I was enthralled with the trailer when it came out---largely because of the Woody Harrelson's character (who was my single favorite part of the film; I would watch his movie twice)---then forgot all about it. This is, the words of a seventeen-year-old student of mind, too real. It's too much real about being seventeen. It's a lot of real. And while it's not my real, I felt more connected to it than, say Boyhood or Dazed and Confused. So I guess I like Kelly Fremon Craig more than Linkletter? Maybe. At least when it comes to kids. Or I just empathize more with this hero's failures. Who knows.
My kids had this one when I got home. I didn't intend to watch it with them but ... it's really good. The more I see it, the more convinced I am its satirical critique of late-stage British colonialism is ... just great. Some of the race stuff is embraced but enough of it is undercut--- I'm about ready to write a paper about how ahead of its time it is in terms of such things. I think it's using the tools of, for instance, what we now call whitewashing to mock it. Not the words they would have used at the time, of course, but I have evidence. In other news, the movie is filled with great shots (especially in the musical sequences), and, I just noticed for the first time that much of the score is orchestrations of older Beatles song. Too bad that stuff's not on a cd somewhere. (Please correct me if I'm wrong.)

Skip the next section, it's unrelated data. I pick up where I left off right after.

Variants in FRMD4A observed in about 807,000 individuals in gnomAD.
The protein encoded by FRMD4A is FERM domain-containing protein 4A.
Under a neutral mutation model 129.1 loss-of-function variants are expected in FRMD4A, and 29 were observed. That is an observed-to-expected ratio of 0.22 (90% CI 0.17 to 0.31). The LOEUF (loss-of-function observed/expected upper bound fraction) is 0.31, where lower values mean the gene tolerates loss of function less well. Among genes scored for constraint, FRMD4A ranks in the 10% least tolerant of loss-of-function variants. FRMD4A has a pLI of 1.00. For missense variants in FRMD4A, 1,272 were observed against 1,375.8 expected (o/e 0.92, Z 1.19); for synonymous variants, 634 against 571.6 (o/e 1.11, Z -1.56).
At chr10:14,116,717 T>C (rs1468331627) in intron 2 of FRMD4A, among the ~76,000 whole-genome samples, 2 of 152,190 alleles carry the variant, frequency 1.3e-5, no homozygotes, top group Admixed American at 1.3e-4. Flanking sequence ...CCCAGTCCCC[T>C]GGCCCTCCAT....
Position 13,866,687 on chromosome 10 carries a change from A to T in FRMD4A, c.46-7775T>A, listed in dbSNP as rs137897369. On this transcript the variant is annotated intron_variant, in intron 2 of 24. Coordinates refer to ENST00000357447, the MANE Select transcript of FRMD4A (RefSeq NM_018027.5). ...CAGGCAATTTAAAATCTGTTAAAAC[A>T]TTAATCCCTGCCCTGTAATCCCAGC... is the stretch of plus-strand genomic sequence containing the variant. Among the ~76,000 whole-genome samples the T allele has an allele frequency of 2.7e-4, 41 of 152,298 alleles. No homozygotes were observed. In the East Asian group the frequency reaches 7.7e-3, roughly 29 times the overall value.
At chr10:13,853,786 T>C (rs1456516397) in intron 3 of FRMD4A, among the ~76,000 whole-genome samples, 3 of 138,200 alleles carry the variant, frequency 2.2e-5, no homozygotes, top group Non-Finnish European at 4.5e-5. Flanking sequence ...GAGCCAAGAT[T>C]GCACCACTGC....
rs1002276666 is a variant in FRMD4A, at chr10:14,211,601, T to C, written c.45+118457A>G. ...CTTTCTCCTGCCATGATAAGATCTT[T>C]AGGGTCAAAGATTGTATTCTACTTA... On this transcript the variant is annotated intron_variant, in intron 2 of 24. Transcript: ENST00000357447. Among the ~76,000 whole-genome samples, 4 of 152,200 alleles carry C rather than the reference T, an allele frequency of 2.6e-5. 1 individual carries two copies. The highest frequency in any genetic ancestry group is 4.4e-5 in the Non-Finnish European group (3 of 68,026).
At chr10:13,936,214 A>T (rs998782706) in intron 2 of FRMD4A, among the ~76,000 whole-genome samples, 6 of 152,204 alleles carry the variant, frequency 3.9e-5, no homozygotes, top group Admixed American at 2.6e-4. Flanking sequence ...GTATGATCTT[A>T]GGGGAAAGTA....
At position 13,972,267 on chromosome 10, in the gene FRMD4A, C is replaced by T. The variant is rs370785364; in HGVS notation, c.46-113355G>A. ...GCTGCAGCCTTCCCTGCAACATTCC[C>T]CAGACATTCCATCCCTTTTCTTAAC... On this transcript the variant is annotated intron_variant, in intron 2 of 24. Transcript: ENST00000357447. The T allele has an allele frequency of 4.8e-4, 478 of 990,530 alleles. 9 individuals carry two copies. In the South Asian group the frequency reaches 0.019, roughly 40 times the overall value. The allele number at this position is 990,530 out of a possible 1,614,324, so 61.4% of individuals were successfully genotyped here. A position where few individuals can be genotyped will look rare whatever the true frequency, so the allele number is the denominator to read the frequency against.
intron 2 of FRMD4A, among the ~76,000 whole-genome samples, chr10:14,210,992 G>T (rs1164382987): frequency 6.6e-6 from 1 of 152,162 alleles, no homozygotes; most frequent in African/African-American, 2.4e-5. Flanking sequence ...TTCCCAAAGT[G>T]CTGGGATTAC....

Unquestionably one of the greatest s-uperhero movies. Sam Raimi's first two Spider-Man moveis came first (both of which are good and one of which is excellent) and the okay X-Men movies had started, but Batman Begins was a year away and Iron Man was four years off still. This, imho, is still the standard. There have been excellent entries to the genre since 2004, but nothing inarguably superior. Long live the Incredibles.
This movie is brilliant. It shines with bright humor and charm and even the wicked characters are delightful. I don't know what percentage of the sentences were lifted from Lady Susan, but they are all exquisitely Austenian. If you need a laugh, watch this. If you want a bigger laugh, watch it twice.
Todd Haynes, methinks, should not direct children. Also, there are a goodly number of dumb flaws (doors left unlocked, contact left unmade) that could have been explained without clunk. If it had just been me and my wife watching this, I would have called it a waste of time. But we watched it with our 14yrold and I think it was a great push toward artistic film for him. He thought it was pretty great. And I don't mean to knock the film, but it really felt like Haynes spent the entire process congratulating himself for making a masterpiece. It was good and it was ambitious, but it would have done well to loosen up a bit, take itself a bit less seriously. And it was slooowwww until the leads finally met. Cut twenty-plus minutes and breathe a bit more and you've got quite the movie on your hands.